South Brunswick kids whose sleds were collecting dust last school year from the lack of snow may be in for a heavier blast of winter weather this year.
After a mild winter marked by only experts are anticipating a much more active season this school year. Last winter, about nine of the country's snowiest cities had less than 60 percent of their normal snowfall in an average year, according to USA Today. The lack of snow allowed many schools to end the year early and provided some extra days off during the spring for South Brunswick students.
The strength of El Niño or La Niña is used to project how active the winter season is going to be, according to AccuWeather.com. With meteorologists projecting a weak El Niño this year, that could be good news for snow day starved kids.
Weak El Niños have typically led to snow filled winters for most major Northeast cities, according to AccuWeather.com Expert Senior Meteorologist Jack Boston.
"Historically, both strong La Niñas and weak El Niños have produced higher-than-average snowfall in the Northeastern U.S.," Boston said. "In contrast, "weak La Niñas and strong El Niños historically bring lower-than-average snowfall."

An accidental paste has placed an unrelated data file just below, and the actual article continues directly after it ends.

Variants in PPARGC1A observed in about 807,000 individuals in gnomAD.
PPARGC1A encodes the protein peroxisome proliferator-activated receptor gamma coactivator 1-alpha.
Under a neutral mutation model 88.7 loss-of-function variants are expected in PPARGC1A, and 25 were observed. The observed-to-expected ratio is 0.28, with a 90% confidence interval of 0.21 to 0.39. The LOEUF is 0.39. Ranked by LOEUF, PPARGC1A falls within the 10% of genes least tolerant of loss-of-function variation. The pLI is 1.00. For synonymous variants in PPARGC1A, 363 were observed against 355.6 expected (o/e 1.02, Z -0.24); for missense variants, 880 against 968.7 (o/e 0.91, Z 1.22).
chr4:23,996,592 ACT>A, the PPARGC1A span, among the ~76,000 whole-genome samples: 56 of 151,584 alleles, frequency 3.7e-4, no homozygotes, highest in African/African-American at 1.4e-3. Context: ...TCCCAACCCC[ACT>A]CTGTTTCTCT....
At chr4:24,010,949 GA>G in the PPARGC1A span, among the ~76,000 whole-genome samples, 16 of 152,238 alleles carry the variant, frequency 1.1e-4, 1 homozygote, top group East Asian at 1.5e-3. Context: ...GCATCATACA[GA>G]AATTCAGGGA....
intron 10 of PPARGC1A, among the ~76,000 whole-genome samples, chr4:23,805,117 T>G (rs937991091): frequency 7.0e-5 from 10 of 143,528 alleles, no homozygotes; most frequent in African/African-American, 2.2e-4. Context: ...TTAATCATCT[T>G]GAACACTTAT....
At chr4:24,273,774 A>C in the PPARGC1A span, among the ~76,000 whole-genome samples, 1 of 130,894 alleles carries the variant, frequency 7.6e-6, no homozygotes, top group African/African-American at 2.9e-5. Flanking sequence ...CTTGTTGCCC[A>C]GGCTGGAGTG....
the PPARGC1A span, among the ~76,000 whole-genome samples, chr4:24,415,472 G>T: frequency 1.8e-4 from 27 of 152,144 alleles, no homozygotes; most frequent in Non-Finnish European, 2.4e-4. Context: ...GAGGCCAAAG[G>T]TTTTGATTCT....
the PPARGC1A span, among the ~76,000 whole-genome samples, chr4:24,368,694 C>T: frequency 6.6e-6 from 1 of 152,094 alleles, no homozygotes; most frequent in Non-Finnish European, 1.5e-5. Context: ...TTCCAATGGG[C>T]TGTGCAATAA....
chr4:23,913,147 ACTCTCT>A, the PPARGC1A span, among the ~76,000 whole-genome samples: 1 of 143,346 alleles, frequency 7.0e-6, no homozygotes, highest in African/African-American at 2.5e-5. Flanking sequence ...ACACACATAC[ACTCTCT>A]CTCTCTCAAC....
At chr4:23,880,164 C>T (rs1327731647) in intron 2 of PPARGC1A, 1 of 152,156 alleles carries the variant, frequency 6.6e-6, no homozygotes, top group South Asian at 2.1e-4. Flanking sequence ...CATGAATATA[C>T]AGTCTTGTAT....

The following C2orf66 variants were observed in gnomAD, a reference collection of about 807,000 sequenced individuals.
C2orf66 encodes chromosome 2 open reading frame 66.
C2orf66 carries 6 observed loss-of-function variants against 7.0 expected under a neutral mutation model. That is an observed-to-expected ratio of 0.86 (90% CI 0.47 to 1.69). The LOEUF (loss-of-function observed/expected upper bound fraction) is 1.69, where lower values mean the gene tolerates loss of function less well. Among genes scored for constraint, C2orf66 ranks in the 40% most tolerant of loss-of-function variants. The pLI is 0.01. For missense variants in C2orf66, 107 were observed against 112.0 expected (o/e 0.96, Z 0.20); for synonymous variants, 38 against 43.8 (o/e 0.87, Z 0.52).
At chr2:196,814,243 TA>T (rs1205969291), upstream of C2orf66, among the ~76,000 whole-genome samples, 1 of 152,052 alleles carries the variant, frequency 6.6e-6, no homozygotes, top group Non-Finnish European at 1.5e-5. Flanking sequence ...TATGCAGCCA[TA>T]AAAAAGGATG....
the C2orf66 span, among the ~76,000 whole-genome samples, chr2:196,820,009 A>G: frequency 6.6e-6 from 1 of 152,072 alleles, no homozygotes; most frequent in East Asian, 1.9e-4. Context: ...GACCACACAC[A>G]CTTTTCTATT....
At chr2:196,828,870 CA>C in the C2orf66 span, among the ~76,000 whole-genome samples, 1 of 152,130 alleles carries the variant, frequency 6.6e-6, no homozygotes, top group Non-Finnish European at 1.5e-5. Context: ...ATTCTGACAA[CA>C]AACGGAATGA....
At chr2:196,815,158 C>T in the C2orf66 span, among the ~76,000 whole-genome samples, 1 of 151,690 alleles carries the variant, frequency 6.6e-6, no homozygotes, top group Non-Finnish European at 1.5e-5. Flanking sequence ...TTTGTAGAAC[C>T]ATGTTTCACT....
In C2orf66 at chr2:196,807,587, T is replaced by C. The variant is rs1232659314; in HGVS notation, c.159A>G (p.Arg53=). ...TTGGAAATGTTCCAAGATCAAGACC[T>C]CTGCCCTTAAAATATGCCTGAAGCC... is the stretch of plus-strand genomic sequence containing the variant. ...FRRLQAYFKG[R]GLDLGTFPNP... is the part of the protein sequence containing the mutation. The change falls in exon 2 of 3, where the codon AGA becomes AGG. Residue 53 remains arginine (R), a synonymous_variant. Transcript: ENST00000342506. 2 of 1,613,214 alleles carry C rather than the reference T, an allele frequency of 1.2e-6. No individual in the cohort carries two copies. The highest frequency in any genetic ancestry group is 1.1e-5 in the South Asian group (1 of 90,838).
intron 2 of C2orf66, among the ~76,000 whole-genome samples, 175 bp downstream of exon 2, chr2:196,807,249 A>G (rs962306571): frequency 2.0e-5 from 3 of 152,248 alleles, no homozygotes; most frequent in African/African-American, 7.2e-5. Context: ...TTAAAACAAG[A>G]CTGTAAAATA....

A weak El Niño in 2009 brought record snowfall in December to Philadelphia, which saw about 23 inches of snow, according to AccuWeather.
For 2010-11, South Brunswick was forced to extend the school year by adding days in April and May to account for several days cancelled by heavy snow and ice.
District officials said that accounting for the safety of students walking to school is one of the most important factors at play in a cancellation, as well as road conditions for 72-passenger buses. Officials advised residents to not judge a decision to cancel school based on what another district decides to do, because each district has different factors involved, such as the number of students who walk to school.
"We can make up a school day, but if something happens to a kid in transport to school, that is something we can't make up,"
While the timing of Hurricane Irene allowed the despite damage to several township schools, New Jersey may not be out of the woods yet for hurricane season this year.
AccuWeather.com predicted an average season of about five hurricanes and 12 tropical storms this year, which is less active than the seven hurricanes and 19 tropical storms in 2011. Hurricane season peaks in September and runs through the end of November.
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